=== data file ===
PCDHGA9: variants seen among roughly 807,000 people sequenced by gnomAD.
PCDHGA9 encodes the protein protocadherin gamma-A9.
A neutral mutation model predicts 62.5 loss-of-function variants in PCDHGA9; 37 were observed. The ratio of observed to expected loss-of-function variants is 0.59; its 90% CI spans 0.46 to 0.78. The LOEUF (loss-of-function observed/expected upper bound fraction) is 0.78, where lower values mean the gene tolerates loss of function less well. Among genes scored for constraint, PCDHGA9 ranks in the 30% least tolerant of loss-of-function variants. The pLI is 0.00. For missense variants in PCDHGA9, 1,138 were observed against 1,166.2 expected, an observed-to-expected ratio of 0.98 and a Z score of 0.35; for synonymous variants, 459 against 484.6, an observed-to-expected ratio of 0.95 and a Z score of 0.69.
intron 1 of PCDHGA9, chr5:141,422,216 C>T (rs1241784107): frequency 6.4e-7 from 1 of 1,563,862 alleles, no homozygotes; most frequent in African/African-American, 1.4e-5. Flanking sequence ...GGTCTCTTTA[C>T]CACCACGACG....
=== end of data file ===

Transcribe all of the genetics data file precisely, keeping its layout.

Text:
PCDHGA9: variants seen among roughly 807,000 people sequenced by gnomAD.
PCDHGA9 encodes the protein protocadherin gamma-A9.
A neutral mutation model predicts 62.5 loss-of-function variants in PCDHGA9; 37 were observed. The ratio of observed to expected loss-of-function variants is 0.59; its 90% CI spans 0.46 to 0.78. The LOEUF (loss-of-function observed/expected upper bound fraction) is 0.78, where lower values mean the gene tolerates loss of function less well. Among genes scored for constraint, PCDHGA9 ranks in the 30% least tolerant of loss-of-function variants. The pLI is 0.00. For missense variants in PCDHGA9, 1,138 were observed against 1,166.2 expected, an observed-to-expected ratio of 0.98 and a Z score of 0.35; for synonymous variants, 459 against 484.6, an observed-to-expected ratio of 0.95 and a Z score of 0.69.
intron 1 of PCDHGA9, chr5:141,422,216 C>T (rs1241784107): frequency 6.4e-7 from 1 of 1,563,862 alleles, no homozygotes; most frequent in African/African-American, 1.4e-5. Flanking sequence ...GGTCTCTTTA[C>T]CACCACGACG....